Alex Salmond is expected to sue the Scottish government over the alleged role of its senior officials in his prosecution for sexual assaults, his allies have disclosed.
Sources close to the former first minister said he believed senior figures inside the government and Nicola Sturgeon’s office helped orchestrate significant parts of the case against him, and that he intends to sue for extensive damages.
Salmond is said to be particularly furious that details of an internal Scottish government inquiry into sexual assault allegations were leaked to the Daily Record in August 2018, and to believe a government official is to blame.
Salmond was acquitted on Monday of all 14 assault charges, including one of attempted rape and another of intent to rape, by majority verdicts, following an 11-day trial at the high court in Edinburgh.
He was formally acquitted of one sexual assault charge midway through the trial after it was withdrawn by the prosecution. The jury later found him not guilty of 12 of the charges and said one was not proven, a verdict that also acquits the accused.
“It’s pretty clear he intends to sue the Scottish government for damages,” said one ally. “He believes this came from the top.”
His allies also believe prominent officials in Sturgeon’s office and the Scottish National party should be fired after text messages and emails came to light that Salmond argues raises serious questions about their role in the case, and their handling of allegations against him.
One close friend of Salmond’s said the former SNP leader is also very keen to give evidence to a Holyrood investigation into a botched Scottish government internal inquiry into complaints of misconduct brought against him by two civil servants in 2018.
The special committee of inquiry at Holyrood was set up after Leslie Evans, the Scottish government’s permanent secretary, admitted in January 2019 the internal investigation had the appearance of bias because the official in charge of it had prior contact with the complainants.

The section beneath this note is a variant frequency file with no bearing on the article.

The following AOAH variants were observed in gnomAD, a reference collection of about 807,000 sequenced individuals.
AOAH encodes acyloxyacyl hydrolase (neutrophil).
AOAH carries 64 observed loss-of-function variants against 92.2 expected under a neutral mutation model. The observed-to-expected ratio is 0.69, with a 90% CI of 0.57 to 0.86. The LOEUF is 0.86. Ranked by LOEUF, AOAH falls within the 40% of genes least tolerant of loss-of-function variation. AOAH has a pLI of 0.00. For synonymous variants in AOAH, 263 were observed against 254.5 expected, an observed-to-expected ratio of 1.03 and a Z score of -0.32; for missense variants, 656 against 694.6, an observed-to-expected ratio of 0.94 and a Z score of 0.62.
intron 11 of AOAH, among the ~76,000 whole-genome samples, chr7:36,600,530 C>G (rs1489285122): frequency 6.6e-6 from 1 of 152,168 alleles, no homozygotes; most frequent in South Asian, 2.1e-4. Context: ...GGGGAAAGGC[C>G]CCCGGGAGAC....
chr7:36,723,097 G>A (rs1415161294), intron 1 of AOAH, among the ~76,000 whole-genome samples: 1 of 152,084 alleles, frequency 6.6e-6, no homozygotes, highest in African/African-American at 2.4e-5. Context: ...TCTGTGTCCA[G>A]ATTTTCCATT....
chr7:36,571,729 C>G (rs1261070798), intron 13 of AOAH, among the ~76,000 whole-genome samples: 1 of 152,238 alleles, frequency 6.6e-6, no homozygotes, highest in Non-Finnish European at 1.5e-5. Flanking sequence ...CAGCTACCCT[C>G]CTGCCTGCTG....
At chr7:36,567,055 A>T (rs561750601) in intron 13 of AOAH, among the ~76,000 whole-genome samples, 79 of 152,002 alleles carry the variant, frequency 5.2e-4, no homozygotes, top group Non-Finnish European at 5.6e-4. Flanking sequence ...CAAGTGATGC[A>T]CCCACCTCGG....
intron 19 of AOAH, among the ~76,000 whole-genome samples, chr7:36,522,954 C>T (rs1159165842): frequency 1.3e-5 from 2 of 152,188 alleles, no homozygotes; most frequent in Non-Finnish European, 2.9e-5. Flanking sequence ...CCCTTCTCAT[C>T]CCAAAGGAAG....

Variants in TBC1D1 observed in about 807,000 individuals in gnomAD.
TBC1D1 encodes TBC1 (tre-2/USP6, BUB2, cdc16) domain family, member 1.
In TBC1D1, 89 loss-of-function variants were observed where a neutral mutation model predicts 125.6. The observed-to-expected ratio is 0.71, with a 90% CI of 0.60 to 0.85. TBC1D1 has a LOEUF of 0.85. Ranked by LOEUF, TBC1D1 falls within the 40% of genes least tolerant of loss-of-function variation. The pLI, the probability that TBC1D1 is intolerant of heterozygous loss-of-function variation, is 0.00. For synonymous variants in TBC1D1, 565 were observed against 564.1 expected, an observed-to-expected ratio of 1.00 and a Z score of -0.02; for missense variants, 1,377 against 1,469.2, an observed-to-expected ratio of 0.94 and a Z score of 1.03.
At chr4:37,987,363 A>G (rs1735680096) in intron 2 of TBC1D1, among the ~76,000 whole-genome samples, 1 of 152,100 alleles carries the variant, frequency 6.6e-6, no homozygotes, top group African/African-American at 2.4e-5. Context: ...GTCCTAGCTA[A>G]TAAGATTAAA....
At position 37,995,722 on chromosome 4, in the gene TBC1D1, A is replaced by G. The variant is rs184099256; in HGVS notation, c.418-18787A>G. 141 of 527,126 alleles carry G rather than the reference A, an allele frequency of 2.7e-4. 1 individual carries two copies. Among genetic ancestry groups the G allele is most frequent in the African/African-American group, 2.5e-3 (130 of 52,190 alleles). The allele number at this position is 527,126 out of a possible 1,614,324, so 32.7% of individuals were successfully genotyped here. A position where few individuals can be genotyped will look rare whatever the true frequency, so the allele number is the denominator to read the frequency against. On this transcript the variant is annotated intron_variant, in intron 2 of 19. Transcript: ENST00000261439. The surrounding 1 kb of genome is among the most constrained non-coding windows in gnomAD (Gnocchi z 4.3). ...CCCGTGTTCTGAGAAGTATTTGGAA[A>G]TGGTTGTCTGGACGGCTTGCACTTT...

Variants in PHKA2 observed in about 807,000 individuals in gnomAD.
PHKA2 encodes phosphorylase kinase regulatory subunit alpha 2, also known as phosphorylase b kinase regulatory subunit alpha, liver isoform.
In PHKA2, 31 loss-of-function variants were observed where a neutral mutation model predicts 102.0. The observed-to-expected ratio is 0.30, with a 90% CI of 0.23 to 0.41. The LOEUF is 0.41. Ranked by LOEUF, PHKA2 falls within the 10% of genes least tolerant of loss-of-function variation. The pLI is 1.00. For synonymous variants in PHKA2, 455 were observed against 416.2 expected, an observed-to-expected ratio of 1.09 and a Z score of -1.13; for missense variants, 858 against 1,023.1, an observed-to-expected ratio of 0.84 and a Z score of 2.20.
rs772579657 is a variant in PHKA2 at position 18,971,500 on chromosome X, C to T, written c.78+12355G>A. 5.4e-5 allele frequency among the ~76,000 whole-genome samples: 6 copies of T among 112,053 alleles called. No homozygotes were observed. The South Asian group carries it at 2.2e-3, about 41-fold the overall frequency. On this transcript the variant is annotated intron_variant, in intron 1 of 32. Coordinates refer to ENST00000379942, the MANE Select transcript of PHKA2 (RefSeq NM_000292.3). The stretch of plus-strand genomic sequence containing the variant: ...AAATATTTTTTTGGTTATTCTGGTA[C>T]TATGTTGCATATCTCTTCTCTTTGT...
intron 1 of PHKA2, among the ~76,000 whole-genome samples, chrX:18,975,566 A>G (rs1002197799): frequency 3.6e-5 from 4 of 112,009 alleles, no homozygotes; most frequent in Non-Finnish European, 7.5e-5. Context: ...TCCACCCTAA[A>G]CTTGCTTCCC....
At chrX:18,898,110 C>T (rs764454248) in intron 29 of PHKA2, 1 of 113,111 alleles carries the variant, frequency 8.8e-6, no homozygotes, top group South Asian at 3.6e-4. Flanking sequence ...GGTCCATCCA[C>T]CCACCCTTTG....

The alleged assaults against the two civil servants were investigated by Police Scotland detectives and included in the charges levelled against Salmond during his trial. He was acquitted by the jury of both those sexual assaults on Monday.
Salmond won his judicial review in January 2019 and in August 2019, the Scottish government paid out £512,000 to cover the legal fees he had incurred.
The specially convened Holyrood committee, with includes three former SNP ministers, is due to start hearing witnesses later this year after the coronavirus outbreak has subsided. The Scottish parliament’s sessions have been significantly curtailed by the crisis.
In the interim, the committee has asked to be given copies of non-confidential evidence used during the trial so MSPs can study the background papers during the lockdown period and spring recess next month.
Before the trial, Salmond’s lawyer, Gordon Jackson QC, presented in closed court details of text messages between senior figures in the Scottish government and SNP, which Salmond argues proves there was orchestration.
Joanna Cherry QC, an SNP MP who is one of Salmond’s closest allies, said on Monday: “Some of the evidence which has come to light raises very serious questions over the process that was employed within the Scottish government to investigate the alleged complaints.”
Sturgeon told reporters on Monday she was ready to give evidence after the coronavirus crisis was over. “The court has given a verdict, a decision, and that must be respected,” she said.
“I have no doubt there will be further discussion around this issue in due course, and I will welcome that, but that time is not now. This country faces a crisis right now, bigger than we’ve ever faced before.”
A close ally of Sturgeon’s dismissed claims by Salmond’s supporters that the first minister would be forced to resign due to the controversy. He said there were few MPs or MSPs who believed that was justified.
“There are going to be difficulties ahead as we navigate through this,” he said. “Is this going to bring the first minister down? No, it’s not. I don’t see that they’ve got a mechanism to do that. It’s not great, but we will get through this.”